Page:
Feature Stories

Feature Stories

Playing in a Band: Alleviating Our Worries


The most bothersome things in the world are often not the issues themselves, but rather interpersonal relationships. No matter how difficult the situation is, there is always a solution. However, dealing with people and relationships is a much greater and more challenging endeavor. The band "Adagio", consisting of five members named Ho Yin, Ma Chai, Jasmine, Kan, and Howie, from the Jockey Club Shatin Integrated Service Centre for Children and Youth. They shares a common sentiment: "Playing in the band together may alleviate our worries.”

"Playing in a band is not just about working or joining a club to have fun. It's about letting go of our guards and opening our hearts as friends," explains Ho Yin, the lead vocalist and captain of Adagio. In Ho Yin's mind, playing in the band together is like painting a picture of dreaming, soaring, and growing together.

Ho Yin, the lead vocalist and captain of Adagio, speaks with a resounding voice, eloquent and decisive, like a spokesperson. His teammates refer to him as the "core." He explains the origin of the name "Adagio."

The band's predecessor was a music class organized by the Hong Kong PHAB Association's Youth Development Program three years ago. At that time, a group of young members who loved music, including those with Specific Learning Difficulties (SpLD) and Attention Deficit Hyperactivity Disorder (ADHD), gathered together. They named themselves "Adagio," partly as a playful reference to their tendency to be late or slow in beats, and partly to convey the idea that they approach life with a slow-paced mindset, taking everything in stride and finding their own rhythm.

"Taking things slowly is not necessarily a bad thing. Slowing down allows us to see more scenery and understand our intentions," says Ho Yin. He explains that their journey of growth has been a slow and challenging one, full of difficulties that required adaptation. When the program ended last year, seven members chose to continue on their own, learning how to manage and organize themselves, playing shows as a band. However, over the course of six months, various reasons caused members to leave one after another. Only keyboardist Ma Chai, drum player Howie, and lead vocalist Ho Yin remained. "With just the three of us, it feels like we can't even play a game of Mahjong," says Ho Yin. Reluctantly, he took on the responsibility of being the captain.

"It's similar to going back to work. At first, I was afraid of being fired, but after six months, I gradually understood what I was doing and its significance," he says. The greatest significance of being a captain, he explains, is realizing that it's not just about playing good music, but also about learning how to interact with people, how to handle conflicts among members, how to listen to people's voices, and bringing everyone together to grow as a team. At the beginning of this year, he invited Jasmine, a female vocalist, and Kan, a guitarist, to join Adagio, injecting new possibilities. In Ho Yin's words, "The world became bigger."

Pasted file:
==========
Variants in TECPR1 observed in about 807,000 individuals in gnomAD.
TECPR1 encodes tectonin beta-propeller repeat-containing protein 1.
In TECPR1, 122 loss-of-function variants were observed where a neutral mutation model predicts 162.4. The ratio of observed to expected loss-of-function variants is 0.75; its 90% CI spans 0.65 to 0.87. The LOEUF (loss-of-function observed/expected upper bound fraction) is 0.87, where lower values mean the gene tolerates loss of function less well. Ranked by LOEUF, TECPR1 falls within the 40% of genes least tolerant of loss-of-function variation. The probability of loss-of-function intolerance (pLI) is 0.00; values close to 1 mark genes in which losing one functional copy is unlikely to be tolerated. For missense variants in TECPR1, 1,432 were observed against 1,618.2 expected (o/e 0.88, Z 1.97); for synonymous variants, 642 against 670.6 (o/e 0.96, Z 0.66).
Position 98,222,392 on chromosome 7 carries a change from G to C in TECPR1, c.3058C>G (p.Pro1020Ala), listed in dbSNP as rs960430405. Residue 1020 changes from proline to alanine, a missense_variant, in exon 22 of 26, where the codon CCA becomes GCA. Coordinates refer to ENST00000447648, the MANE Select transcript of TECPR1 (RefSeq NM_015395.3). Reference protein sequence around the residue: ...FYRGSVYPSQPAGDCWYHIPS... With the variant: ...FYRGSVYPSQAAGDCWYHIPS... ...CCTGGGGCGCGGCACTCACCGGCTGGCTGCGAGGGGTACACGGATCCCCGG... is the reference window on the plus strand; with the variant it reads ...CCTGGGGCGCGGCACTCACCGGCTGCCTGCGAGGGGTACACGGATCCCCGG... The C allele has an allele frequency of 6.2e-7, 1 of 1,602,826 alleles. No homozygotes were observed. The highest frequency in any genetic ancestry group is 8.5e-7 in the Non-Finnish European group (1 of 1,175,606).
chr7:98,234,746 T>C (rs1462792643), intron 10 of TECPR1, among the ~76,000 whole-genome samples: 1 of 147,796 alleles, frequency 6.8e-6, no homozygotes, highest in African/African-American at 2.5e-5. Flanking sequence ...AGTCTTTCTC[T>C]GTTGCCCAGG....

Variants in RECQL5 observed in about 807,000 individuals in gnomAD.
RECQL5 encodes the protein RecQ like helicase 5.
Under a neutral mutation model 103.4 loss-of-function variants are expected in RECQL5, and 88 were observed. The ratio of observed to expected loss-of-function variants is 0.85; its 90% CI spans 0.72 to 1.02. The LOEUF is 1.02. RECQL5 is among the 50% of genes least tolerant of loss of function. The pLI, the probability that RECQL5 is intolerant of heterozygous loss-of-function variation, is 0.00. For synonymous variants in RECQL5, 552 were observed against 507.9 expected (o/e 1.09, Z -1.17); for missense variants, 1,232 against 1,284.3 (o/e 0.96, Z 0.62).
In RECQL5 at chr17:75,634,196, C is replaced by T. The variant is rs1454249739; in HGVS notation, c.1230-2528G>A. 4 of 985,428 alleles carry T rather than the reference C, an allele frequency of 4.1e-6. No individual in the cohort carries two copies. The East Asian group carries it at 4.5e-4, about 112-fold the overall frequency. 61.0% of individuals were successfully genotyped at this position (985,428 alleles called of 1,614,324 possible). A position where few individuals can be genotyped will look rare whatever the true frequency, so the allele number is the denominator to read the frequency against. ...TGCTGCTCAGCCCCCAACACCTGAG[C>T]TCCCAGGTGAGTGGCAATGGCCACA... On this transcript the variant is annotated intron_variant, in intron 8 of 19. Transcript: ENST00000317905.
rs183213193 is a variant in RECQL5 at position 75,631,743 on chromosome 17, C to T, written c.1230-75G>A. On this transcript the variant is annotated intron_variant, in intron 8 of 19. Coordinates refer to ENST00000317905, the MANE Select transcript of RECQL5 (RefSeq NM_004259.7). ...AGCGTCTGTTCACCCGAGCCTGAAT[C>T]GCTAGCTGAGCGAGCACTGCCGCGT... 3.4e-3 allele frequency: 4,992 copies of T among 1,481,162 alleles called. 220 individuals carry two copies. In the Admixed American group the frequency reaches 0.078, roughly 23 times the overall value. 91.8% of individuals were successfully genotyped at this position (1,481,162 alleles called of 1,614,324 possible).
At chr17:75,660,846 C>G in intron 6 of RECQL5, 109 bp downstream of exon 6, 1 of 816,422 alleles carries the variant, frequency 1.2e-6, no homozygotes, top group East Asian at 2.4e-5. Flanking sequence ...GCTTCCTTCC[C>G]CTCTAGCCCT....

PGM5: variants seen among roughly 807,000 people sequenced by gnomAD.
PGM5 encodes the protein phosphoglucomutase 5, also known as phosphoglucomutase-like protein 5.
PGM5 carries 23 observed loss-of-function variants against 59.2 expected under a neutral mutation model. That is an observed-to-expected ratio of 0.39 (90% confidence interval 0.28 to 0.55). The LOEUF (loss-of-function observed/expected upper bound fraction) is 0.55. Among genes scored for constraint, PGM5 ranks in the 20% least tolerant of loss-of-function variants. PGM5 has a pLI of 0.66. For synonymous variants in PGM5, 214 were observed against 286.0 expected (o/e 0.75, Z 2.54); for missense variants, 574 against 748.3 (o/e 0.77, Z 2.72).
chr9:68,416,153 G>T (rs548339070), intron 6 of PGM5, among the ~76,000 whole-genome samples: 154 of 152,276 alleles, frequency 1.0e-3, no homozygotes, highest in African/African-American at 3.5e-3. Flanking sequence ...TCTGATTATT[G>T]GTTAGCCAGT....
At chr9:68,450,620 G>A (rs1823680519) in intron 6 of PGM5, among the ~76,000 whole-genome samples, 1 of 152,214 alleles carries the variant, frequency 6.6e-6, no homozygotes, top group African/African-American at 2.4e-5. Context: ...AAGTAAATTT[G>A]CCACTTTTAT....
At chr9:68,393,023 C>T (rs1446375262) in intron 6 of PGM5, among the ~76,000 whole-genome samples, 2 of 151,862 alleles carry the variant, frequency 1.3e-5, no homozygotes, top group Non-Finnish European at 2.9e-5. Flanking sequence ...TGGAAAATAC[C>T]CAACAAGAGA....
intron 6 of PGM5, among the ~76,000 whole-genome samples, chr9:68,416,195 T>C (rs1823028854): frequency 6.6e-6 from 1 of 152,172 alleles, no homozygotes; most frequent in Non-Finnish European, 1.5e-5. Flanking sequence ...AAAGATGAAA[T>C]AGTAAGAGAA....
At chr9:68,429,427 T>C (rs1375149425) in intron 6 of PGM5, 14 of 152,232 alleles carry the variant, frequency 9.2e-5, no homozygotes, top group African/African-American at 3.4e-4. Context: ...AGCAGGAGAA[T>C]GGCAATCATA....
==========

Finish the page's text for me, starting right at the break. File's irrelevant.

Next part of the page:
Jasmine has a high level of musical expertise, reaching Grade 8 in piano performance, and she has experience with various instruments. She is known as the little mentor of Adagio and can hold her own. Why did she choose to be in a band with different people?

"It's precisely because everyone is different that sparks fly. It feels great to have a group of like-minded people together, to have the company of others. Learning an instrument has always been a solitary pursuit, but growing together in a band brings much more joy," says Jasmine. She describes herself as an "extremely conflicted" person, easily offending others with her words and prone to losing control of her emotions. However, she feels at ease in Adagio. "On one hand, I have matured, and on the other hand, Ho Yin and the other members are very accommodating. I can freely express my thoughts."

When asked the same question, Kan gives a similar answer: "Playing and singing alone can be very casual, but when others provide input, the music becomes richer. Playing together with others gives me a sense of connection with people and the world." He enjoys the happiness of eating and drinking together after a show. Regarding communication, he says, "In other work situations, everyone has different goals, and communication is difficult. But in Adagio, communication is easy because we can express ourselves through music, and our goals are aligned."

What is their common goal? Ma Chai, who prefers playing instruments over speaking, succinctly states, "Returning to the original intention, sincerity, and passion." Their original intention in making music is to sincerely express themselves and sing with enthusiasm for life.

"Each of us has a vulnerable side, and it is because of our vulnerabilities that we came together. Through music, we want to tell everyone that we are not alone on this journey," adds Kan. Walking together as a band, they aim to inspire others and create a sense of unity and support.

"Dear Myself" Self-care Promotion Campaign: http://phab.hk/dearmyself